Oxalic acid advice

First time attempting rust removal from AC unit on white vinyl siding. I ordered oxalic acid powder. Curious as to mixing ratios, also can I put it into the same pump up sprayer that had sh in it prior as long as it is rinsed out? Also can I mix the batch the night before, any help I would appreciate!

I usually mix Ox on the job site just before I need it. 8 oz to a gallon. Warm water preferred but I’ve been just fine using cold.

I use f9 Barc for most of my rust removals. I charge a premium and barely use any product as I mix it 1 gal to half a gal water.


Okay awesome so 8 oz Of ox to one Gal of water…

Oh, I have something to say about oxalic…

Couple years ago when I started, a customer asked if I could get some rust off their concrete patio. Per instructions I mixed 8oz to a gallon of warm water. Suddenly my eyes and lungs were burning like fire and I had to back off from the bucket. One whiff of the stuff was like tear gas.

I asked why that would happen, it was pointed out I may have had some window cleaning residue in the bucket (Dawn and water) but I assure you it was well rinsed.

I won’t use the stuff again. It says right on the tub that it gives off poisonous fumes and to wear a respirator.

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Wow that’s pretty sketchy. I did purchase a respirator when I ordered the ox but still.

Also, can I apply ox, rinse, than apply house mix ?

Doesn’t matter if there’s other stuff (well it does acid and alkaline is very dangerous) but oxalic itself is nasty stuff! Treat it like, well, like its acid!!!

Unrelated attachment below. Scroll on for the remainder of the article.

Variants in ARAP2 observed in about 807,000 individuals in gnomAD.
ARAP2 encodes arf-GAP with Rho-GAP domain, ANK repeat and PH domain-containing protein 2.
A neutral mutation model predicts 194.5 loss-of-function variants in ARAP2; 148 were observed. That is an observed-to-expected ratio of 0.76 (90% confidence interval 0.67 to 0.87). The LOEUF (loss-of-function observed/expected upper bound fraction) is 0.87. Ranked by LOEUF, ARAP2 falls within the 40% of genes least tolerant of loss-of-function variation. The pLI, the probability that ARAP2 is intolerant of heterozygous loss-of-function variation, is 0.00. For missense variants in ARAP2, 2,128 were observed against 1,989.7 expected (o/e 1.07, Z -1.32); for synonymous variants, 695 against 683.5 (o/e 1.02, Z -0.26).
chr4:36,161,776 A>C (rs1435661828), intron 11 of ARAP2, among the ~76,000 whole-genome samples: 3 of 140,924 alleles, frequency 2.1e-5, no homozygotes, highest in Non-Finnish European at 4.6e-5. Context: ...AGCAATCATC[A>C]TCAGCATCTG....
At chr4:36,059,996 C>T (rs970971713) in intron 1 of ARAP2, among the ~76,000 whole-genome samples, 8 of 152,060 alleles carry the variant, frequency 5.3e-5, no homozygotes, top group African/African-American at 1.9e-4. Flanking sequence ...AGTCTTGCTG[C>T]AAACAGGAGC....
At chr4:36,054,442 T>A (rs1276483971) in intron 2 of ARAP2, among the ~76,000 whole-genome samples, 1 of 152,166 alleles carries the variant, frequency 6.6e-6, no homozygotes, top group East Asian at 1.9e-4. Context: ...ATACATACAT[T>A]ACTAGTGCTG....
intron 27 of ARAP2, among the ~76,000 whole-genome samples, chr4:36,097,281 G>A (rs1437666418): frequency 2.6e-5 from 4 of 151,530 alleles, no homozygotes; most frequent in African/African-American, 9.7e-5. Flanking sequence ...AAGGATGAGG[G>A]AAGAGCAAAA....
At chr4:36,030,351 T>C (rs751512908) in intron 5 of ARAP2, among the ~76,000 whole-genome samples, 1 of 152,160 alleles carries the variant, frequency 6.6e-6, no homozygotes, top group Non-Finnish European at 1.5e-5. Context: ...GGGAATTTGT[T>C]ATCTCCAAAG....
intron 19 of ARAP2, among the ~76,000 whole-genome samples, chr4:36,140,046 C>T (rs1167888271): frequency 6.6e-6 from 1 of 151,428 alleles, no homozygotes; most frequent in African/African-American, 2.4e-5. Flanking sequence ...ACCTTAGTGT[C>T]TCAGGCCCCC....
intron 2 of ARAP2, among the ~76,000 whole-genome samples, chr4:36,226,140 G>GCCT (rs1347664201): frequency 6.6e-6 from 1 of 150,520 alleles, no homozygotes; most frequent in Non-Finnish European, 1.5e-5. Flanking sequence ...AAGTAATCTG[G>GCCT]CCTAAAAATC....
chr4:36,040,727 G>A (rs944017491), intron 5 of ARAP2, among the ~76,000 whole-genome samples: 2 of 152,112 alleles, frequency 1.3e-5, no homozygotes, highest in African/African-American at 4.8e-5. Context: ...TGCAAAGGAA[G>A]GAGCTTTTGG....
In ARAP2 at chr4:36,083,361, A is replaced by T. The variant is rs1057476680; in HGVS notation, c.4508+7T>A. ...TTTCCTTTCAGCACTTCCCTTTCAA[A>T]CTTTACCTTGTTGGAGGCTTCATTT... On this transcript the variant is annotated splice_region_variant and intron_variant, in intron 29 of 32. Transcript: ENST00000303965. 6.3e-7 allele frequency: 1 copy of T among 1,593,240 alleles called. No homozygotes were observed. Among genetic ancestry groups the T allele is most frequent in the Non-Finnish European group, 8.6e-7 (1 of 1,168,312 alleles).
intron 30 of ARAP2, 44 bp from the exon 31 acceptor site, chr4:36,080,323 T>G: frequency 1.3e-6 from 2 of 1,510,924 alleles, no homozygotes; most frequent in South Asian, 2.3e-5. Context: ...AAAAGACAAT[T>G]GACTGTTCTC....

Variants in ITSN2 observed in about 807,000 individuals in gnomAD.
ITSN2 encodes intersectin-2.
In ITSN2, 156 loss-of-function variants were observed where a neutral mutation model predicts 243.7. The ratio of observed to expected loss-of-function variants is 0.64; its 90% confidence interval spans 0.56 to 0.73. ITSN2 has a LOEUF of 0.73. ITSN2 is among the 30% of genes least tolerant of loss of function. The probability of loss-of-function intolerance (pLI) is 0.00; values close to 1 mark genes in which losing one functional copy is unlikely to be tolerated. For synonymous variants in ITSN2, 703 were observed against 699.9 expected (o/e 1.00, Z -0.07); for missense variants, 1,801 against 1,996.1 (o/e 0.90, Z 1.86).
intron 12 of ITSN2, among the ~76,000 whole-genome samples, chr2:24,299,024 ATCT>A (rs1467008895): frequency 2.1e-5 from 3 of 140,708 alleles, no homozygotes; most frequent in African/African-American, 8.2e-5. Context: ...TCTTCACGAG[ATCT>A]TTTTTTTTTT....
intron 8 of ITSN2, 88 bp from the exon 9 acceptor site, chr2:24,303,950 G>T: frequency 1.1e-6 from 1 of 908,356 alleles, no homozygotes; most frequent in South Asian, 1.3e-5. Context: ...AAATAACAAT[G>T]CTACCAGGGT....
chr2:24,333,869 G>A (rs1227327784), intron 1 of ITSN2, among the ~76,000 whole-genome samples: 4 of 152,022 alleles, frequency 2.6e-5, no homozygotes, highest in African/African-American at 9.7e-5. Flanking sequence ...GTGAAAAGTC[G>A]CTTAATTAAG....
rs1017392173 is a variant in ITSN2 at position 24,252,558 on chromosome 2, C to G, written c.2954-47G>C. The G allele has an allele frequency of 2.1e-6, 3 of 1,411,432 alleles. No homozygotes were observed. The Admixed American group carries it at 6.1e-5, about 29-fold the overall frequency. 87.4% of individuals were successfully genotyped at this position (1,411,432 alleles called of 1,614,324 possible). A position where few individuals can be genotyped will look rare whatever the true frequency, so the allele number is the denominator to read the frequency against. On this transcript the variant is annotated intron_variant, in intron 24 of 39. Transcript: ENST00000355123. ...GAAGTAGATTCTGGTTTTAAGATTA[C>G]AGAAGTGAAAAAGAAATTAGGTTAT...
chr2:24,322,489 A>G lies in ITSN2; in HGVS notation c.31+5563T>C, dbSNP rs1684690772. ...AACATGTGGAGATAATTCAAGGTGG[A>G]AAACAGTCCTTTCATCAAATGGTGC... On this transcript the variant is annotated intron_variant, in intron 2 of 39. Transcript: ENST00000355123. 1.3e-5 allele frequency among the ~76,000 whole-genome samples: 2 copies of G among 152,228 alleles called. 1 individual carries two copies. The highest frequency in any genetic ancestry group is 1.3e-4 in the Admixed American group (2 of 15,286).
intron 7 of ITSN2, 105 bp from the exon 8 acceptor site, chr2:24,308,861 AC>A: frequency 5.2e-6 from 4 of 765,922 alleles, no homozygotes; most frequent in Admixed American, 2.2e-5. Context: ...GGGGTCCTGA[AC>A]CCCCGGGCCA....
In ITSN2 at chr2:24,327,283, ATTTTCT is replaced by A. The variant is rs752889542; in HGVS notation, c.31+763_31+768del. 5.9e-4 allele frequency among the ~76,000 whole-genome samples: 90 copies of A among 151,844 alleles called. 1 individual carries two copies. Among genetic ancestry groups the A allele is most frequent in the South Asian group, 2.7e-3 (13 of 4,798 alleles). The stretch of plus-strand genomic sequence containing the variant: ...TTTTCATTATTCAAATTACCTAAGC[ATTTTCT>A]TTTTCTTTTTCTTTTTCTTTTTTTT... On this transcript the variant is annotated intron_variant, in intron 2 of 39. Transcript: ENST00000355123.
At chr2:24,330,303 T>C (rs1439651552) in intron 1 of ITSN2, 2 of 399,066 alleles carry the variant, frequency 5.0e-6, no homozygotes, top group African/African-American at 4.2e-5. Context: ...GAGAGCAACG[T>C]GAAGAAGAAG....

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Do you mean one ounce per half gallon? That works for you tho? I use it 50/50 and put it in a small spray bottle. Most rust stains pretty small and it will still last forever even 1:1

I think I did this right first time quoting something but she said that it’s alright to batch mix oxalic. It wont lose its potency like sodium per carbonate or sh will it just falls out of solution and needs to be stirred again


Anything oxalic or acid related should have its own sprayers and holding containers. Treat it as a whole different system to your other chemicals.


I am confused by this thread. I think of oxalic acid as the the thing that is called an acid but is barely hazardous. It’s not fuming or potent like HCl. It also sits on retail shelves for months as wood brightener and isn’t known for losing its potency because it doesn’t gas off like SH or per carb.

The only annoying thing about oxalic is that it doesn’t go into water very easily or at a high rate. I typically add in some phosphoric acid to make it a little happier in the water. And phosphoric also assist with rust removal.

The oxalic is a little dusty, it can form a cloud when you dump it, but that’s the only reason in my opinion to use a respirator with it. My chemical mixers used this often and I was only concerned about the cloud, not at all while it was wet.


Thank you for dispelling the myths.